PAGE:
Homeschooling

Finally, a Kindergarten American History Curriculum!

Sonlight's New Kindergarten American History Curriculum!Does an accurate American history curriculum for kindergarten actually exist?

A good homeschool history curriculum is difficult to find, isn’t it? And US history is particularly hard to teach.  I have very little tolerance for oversimplified books which whitewash the complexity of our nation’s beginnings, idolize outward morality, virtue, and character, or put Columbus and Washington on a pedestal of American exceptionalism.  But most truly accurate US history books are geared toward a much older audience, and aren’t designed to give a broad sweeping overview to sensitive kindergarteners or first graders. American history is messy, ugly, grim, and often brutal. Teaching true American history to small children — even with picture books — is not easy.

So how do we find accurate US history books which will capture the tender imaginations of precious five- and six-year-olds?

Continue reading “Finally, a Kindergarten American History Curriculum!”

Homeschooling

Don’t be a Pedagogical Snob

Your goal is to educate your child, not to replicate  a method, via the Don't be a Pedagogical Snob blog post by Gina Munsey, the Oaxacaborn blog [Disclosure: the Evan-Moor link in this post is an affiliate link. This means if you click and make a purchase, I receive a small commission.]

Classical, Eclectic, Charlotte Mason, oh my.

I love pedagogy. I really enjoy listening to speakers and authors like CiRCE Institute’s Andrew Kern and Memoria Press’ Martin Cothran talk about educational philosophy, the history of classical education, and what it means to teach thinking. I’m drawn to its thoughtful, time-honored idealism. And my daughter loves the deep academia of it all. The Christian classical education approach definitely resonates with us — moreso than any other homeschool method — and I consider us classical homeschoolers.

But I was chatting with my friend Megan (of the schoolnest blog) recently about the freedom which comes with not being a homeschool method purist. If you lean mostly toward one method but then mix in a twist of another approach, the educational philosophy police aren’t going to get you.

Really.

Continue reading “Don’t be a Pedagogical Snob”

Homeschooling

Great Wall of China Project for Kids: Mini Bricks Review

pin image for Great Wall of China Mini Bricks Timberdoodle Review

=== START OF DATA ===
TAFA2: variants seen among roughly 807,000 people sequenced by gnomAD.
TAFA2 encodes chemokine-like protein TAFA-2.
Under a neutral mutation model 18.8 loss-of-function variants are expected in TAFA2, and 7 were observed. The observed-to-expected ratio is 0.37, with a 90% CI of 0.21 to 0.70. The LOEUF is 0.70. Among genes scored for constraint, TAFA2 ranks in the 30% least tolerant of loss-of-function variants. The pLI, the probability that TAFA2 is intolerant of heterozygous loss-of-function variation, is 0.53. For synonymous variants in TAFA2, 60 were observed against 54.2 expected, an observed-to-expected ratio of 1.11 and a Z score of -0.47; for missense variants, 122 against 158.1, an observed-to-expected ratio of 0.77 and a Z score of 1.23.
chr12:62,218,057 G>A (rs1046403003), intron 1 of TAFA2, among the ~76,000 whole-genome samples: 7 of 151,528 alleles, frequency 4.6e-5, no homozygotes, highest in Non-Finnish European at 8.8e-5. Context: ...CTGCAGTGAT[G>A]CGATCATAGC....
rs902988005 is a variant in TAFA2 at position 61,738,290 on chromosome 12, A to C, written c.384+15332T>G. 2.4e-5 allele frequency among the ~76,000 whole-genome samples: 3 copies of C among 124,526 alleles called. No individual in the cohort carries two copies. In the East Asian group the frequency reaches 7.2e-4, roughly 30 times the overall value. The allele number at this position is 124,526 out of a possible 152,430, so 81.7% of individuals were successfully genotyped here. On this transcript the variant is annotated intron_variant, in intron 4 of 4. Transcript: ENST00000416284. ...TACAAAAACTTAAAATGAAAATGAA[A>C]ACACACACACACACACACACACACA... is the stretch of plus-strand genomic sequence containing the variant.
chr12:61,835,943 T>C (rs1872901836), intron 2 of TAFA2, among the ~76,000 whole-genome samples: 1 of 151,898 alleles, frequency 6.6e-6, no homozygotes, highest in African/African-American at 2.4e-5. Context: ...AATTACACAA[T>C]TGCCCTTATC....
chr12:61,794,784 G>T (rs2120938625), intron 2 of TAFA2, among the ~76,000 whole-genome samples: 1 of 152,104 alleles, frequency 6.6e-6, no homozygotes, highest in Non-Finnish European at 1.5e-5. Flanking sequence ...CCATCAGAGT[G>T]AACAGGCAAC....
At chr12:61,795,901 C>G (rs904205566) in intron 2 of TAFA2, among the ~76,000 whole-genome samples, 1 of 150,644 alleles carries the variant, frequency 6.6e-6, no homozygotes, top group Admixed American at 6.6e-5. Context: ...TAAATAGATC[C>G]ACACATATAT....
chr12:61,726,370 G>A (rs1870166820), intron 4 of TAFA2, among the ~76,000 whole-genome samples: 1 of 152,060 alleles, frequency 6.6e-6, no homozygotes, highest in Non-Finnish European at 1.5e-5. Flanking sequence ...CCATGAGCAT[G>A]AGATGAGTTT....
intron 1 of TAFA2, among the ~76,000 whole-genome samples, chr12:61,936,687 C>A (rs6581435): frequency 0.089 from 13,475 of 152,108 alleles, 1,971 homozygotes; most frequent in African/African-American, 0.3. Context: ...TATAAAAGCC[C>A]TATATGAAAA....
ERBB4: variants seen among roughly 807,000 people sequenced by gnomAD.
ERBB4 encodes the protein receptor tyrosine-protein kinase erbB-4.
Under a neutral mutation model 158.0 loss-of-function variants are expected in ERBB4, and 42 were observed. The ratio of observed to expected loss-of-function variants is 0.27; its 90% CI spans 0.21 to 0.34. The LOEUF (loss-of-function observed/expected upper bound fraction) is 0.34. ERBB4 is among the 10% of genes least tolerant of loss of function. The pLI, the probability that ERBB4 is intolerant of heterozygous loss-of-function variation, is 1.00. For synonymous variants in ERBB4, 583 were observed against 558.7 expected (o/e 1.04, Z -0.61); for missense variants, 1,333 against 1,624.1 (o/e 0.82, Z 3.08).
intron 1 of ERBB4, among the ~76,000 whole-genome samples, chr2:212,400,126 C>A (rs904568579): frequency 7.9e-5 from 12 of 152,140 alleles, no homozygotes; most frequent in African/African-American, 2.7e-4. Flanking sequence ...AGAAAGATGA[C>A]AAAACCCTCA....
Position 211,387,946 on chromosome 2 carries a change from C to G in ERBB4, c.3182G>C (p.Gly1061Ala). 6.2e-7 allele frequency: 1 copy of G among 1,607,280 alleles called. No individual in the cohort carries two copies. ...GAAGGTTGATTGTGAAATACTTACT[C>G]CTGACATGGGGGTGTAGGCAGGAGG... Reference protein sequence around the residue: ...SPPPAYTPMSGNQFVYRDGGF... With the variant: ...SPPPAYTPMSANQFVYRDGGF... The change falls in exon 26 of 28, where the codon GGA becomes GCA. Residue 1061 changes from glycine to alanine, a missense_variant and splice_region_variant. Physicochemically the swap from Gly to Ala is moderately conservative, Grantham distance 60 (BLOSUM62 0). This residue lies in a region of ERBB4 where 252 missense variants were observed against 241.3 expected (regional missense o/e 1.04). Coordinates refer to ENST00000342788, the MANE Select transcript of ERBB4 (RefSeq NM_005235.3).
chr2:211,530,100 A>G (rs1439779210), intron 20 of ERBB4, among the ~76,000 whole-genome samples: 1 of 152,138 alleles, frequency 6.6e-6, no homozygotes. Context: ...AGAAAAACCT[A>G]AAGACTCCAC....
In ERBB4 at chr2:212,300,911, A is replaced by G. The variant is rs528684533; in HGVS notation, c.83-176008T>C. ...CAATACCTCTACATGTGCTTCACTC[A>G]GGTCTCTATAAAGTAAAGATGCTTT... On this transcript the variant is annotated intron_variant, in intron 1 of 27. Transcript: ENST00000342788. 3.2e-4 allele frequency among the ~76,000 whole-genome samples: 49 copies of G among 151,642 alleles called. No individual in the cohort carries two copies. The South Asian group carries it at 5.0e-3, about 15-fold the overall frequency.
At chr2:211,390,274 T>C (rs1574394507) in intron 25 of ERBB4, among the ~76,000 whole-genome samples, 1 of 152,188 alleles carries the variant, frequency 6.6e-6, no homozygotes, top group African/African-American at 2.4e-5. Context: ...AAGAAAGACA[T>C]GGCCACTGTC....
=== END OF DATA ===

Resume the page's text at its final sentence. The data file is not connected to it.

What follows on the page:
Want to build a model of the Great Wall of China…

  • as a hands-on history project,
  • as a middle-school architecture unit, or
  • as part of studying Chinese history, culture, and geography in your homeschool?

My daughter has been attending Saturday Chinese school for years, so in conjunction with her ongoing Chinese language learning, I try to integrate cultural studies into our regular homeschool routine whenever I can.

Building a Great Wall of China model fits right into our studies, and is the perfect hands-on history project.

Continue reading “Great Wall of China Project for Kids: Mini Bricks Review”

Homeschooling

GraviTrax Review: Homeschool STEM and Physics

GraviTrax Review: Homeschool STEM Marble Run

Teaching Elementary STEM (Engineering!) and Physics at Home

We’ve had a lot of indoor time lately — and I’m not even talking about sheltering-in-place due to COVID-19! Since baby Lochlan’s premature entrance into the world seven months ago, our usual social outings have been stripped back a great deal. (Master Lochlan would rock a shirt with the phrase, “I was social distancing before social distancing was cool.”) Our family has always loved games and building sets, but this rainy housebound winter, we’re enjoying them even more than usual.

[Disclosure of Material Connections: I received a complimentary GraviTrax set from Timberdoodle in exchange for writing and publishing this review. All opinions — and photographs! ;) — are my own, and I was not required to write a positive review.]

Continue reading “GraviTrax Review: Homeschool STEM and Physics”

Homeschooling